The equations of physics are derived from general theories. The odd situation of the moment is that the equations are quite well supported by experiment. One would logically conclude that the theories are as well supported, but this is not the case. The equations, or laws, themselves are very clear; their support by experiment is undeniable; it is in the interpretation of the equations that one finds difficulty.
This post arises from my reading a physics blog recently which mentioned that it seemed that in the 19th century, new physics ideas appeared in the form of “laws” while in the 20th century they were called “theories.” I think that the difference is not just a matter of terminology, but instead that theories and laws are not at all the same sort of thing.
When an experimenter takes data, the data can be arranged in various ways. If we are able to describe the data by fitting an equation to them, then I will call that a “law.” For example, Maxwell’s equations are laws. Given measurements for electric field, magnetic field, charge, velocity, etc., one can compute various things. This is more than curve fitting, but it is quite a bit less than theorizing. Theories are more general than laws. One theory can be used to define any number of laws. For example, the theory of quantum mechanics can be used to derive many different equations.
The power of equations is that a single equation can be used to fit the data of many experiments. As more and more experiments test a law, our belief in it can become more and more certain. Of course any experiment can only take a finite number of measurements each with limited accuracy, but so many experiments with so many varied conditions have been run over so many years with results quite compatible with each other that many laws are now assumed to be quite perfect.
The relationship between theories and laws is similar, in a way, to the relationship between equations and experiments. One equation explains a large number of experiments each of which tests the equation and, for the usual physics, produces evidence in favor of it. One theory produces a large number of equations. When each of the equations is verified by experiment, this is interpreted as evidence for both the law and the theory that produced the law.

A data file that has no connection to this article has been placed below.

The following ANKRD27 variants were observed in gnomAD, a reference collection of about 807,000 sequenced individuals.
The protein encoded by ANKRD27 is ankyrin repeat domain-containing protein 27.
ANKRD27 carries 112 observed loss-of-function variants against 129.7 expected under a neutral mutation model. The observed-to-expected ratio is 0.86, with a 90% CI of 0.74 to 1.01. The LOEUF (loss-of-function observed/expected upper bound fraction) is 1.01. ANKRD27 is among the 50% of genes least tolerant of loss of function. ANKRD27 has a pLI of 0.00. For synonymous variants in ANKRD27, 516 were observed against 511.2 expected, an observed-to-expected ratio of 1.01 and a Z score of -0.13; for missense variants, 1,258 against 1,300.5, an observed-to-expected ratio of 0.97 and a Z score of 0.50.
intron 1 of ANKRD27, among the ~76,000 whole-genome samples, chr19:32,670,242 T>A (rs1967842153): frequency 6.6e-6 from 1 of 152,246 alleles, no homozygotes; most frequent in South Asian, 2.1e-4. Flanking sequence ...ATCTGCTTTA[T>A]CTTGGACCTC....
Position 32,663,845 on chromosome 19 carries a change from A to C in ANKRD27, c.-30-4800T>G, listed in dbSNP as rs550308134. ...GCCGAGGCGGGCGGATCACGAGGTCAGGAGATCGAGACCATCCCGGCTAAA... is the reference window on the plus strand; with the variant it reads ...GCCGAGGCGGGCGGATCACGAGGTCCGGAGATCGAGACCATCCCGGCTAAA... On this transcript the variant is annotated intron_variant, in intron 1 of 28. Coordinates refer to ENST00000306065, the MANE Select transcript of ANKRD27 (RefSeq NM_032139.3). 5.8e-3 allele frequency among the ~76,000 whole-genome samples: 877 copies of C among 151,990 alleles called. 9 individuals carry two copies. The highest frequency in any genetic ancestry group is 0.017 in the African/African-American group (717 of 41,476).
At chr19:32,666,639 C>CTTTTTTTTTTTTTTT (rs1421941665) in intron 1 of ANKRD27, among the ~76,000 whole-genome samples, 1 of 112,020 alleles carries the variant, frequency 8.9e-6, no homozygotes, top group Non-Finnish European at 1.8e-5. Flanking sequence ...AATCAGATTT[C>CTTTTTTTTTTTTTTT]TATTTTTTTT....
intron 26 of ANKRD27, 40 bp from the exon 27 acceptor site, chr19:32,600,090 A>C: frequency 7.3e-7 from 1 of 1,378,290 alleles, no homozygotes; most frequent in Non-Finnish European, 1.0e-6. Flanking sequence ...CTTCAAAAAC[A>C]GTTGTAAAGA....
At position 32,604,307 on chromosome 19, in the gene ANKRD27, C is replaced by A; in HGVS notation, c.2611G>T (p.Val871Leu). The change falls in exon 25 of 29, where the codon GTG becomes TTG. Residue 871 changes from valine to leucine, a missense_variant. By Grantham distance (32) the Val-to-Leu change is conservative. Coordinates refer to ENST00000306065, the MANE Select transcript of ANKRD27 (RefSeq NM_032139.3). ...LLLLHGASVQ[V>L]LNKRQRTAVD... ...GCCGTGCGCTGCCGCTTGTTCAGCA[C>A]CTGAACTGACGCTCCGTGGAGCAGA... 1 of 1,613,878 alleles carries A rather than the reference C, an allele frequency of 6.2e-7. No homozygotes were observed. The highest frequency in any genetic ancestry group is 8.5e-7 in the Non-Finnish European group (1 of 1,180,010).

As far as experimental support, the strongest physics theory is quantum mechanics. Despite the overwhelming evidence in favor of the accuracy of the equations derived from the theory, the theory itself is not at all well supported by the evidence. The original theory of quantum mechanics was a somewhat vague collection of techniques for moving from a classical theory of motion to a quantum theory. These were ironed out into a complete theory known as the Copenhagen interpretation.
The Copenhagen interpretation can be thought of as the “don’t ask, don’t tell” version of quantum mechanics. Unhappiness with this state of affairs led theorists to develop other theories that had the remarkable property of being completely different from the Copenhagen interpretation, but nevertheless produced equations that are identical. Thus these alternative interpretations cannot be distinguished from the standard interpretation by experiment. They are identical in terms of experimental evidence. The various theories differ in how they approach the problem of how one attaches probabilities to the wave function. The Copenhagen interpretation assumes wave function collapse is a probabilistic process which one cannot understand but simply uses to make calculations.
The most popular alternative interpretation is the “many worlds” interpretation. There are various, slightly different, versions of this theory. Basically, they amount to assuming that everytime a quantum object is measured, the classical universe splits into several classical universes according to the results of the measurement. This avoids the wave function collapse of the Copenhagen interpretation by instead assuming both situations continue on. Schroedinger’s cat is lives forever in one of these universes. I’d give a link to an article on the subject but given the attractive science fiction nature of the subject I’m sure my readers have already learned as much as the theory contains. I find it hard to believe that such a silly idea would be supported by as many physicists as it is.